Unionism has nothing to fear from the LGBT community

Unionism has nothing to fear from the LGBT community

9 August 2017

JAMES McMordie is a unionist and Christian who happens to be gay. Having worked in Scotland for the ‘Better Together’ pro-UK campaign, he felt no problem fitting into that diverse political scene. Now back home in Saintfield, the question arises — who does he vote for?

Last weekend thousands of people took to the streets of the capital city to celebrate Belfast Pride and demand equality for the LGBT community in Northern Ireland. Among them were many representatives from political parties, proudly holding aloft banners and rainbow coloured flags.

However, there was no sign of any official unionist representation.

For James, “it’s a shame”. “Unionism has nothing to fear from the LGBT+ community and everything to gain by supporting it,” he says.

There is certainly plenty to lose according to a recent study that may be a wake-up call for unionism here.

Younger pro-union Protestant voters in Northern Ireland it seems are increasingly turned off unionist politicians due to their parties’ social conservatism on issues such as gay rights and abortion. While support among Protestants aged under 40 for staying in the UK remains at 82 per cent, a majority of them no longer vote in local elections.

Among the under-40 voters, 63 per cent are in favour of same-sex marriage, according to the University of Liverpool study. And for 18 to 40 year-old Protestants who don’t vote, the level of support is 72 per cent.

James (30) is a PhD student in the Department of International Relations at the University of St Andrews and is continuing his studies back in Saintfield.

“I was six years living over there and working on the Better Together campaign,” he explains. “Last summer I reached out to work with a UUP MLA in Northern Ireland. A number of Scottish politicians are openly gay, but I thought, do I have to be really careful here, with it being socially conservative? I was a bit nervous.”

James felt he had to let the MLA know his own background and was relieved by the response.

“It has not been an issue,” he says. “I was always treated with respect.”

Growing up in a rural, church-focused community in East Down, James says he is “no stranger” to the views of his opponents who see a strong biblical basis to their rejection of equal marriage. It’s a topic that can provoke polemical debate, especially online, but James has no resentment towards those who take a different view.

Coming out, he says was “difficult”.

“I am from Saintfield, my boyfriend is local as well,” he says. “Telling my parents was difficult for me and difficult for them. I was worried. I came out after I left Northern Ireland. I was 23 or 24.

“But then afterwards other people in the community were able to come to my mum in similar circumstances — how did you handle this? How do I respond?

“I feel I can go to church with my parents but I happen to go to church mostly in Belfast now.

“There is also a local minister I am still pals with.”

While not wanting to enter a theological debate on the issue, James interprets statements in the bible on sexuality differently and accepts others have different views.

“I have come to a place where I am content, where I am happy and I will talk to anyone about it, as long as people listen and engage and can have a respectful discussion,” he says.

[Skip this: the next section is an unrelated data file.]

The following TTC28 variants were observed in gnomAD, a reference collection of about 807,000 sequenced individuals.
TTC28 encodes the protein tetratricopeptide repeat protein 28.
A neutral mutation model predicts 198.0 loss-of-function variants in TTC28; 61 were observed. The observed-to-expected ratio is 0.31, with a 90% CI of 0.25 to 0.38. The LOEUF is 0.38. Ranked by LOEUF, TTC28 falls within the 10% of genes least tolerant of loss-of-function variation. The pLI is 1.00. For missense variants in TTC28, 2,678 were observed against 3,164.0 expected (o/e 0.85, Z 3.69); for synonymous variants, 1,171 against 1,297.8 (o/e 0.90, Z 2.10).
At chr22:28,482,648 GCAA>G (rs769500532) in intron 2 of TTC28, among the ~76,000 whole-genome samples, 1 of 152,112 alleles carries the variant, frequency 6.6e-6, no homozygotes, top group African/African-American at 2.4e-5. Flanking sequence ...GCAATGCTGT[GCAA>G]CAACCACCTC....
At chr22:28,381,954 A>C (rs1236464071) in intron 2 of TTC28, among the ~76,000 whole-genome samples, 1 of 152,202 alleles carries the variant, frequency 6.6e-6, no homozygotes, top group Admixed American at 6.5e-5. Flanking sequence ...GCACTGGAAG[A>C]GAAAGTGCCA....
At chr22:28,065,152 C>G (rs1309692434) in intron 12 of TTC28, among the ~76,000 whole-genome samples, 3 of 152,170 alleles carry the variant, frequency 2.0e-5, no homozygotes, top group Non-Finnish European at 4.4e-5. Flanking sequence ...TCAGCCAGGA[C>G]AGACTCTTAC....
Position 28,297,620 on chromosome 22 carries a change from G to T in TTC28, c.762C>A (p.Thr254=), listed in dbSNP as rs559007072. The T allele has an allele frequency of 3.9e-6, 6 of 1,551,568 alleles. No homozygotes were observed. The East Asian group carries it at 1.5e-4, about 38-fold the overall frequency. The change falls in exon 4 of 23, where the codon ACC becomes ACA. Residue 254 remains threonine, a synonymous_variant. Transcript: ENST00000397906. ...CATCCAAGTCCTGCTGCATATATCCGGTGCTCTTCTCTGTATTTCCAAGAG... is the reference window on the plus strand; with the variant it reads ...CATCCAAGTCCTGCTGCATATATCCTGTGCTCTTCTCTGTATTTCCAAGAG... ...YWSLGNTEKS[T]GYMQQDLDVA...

James decided to recently become a member of the Ulster Unionist Party, which, although not jumping up and down on the issue of equal marriage, allows its members freedom of conscience.

“I saw the rhetoric of the DUP and I thought, at least the UUP are producing some people who are making the right sort of sounds,” he says.

Considering the UUP’s recent performance in the local elections compared to the dominant DUP — and the potential ramifications of Brexit on Northern Ireland’s prosperity — he has clearly chosen the more difficult route.

“I think that it requires difficult conversations and good politics,” he says. “It’s about the party saying to people —‘We understand and respect that you have this religious view, as do a lot of us, but really this is about the union’. This should not be a wedge issue.”

James also doesn’t believe there is much difference in the views of those living in traditional rural nationalist areas compared to traditional rural unionist areas.

“However Sinn Fein and the SDLP have shown leadership,” he says.

“I am sure there are some in the DUP too who are looking to come out and support equal marriage.”

For James, the consequences are clear if the conversations don’t happen. And it’s something he wrote about for the Northern Slant website, which attracted media attention around the Pride festival.

“Otherwise people might look towards Leo Varadkar, Ireland’s first gay Taoiseach, who attended the Pride breakfast in Belfast,” he says.

“They might ask — Are my values really best represented by unionism?

“People might leave Northern Ireland.

“I have friends who vote for the Alliance and Green parties, even SDLP, who are young Protestants, though partly that would be tactical in places such as South Down. They say unionism is not progressive, backward looking and parochial.”

In James’s view, however, the union represents the chance to be part of a vibrant, multi-cultural society in which we are “greater than the sum of our parts”.

He isn’t ruling out entering political life at some stage in the future and in the meantime wants to continue to engage.

He says certain comments on equal rights for the gay community on social media can be hurtful but by now are “largely water off a duck’s back.” 

Among those hitting the headlines this week were the DUP’s Jim Wells who announced on Twitter that he was cutting ties with the National Trust over a number of issues connected to Pride. 

“If Jim wants to meet, engage, have a cup of tea, I’m up for it,” says James.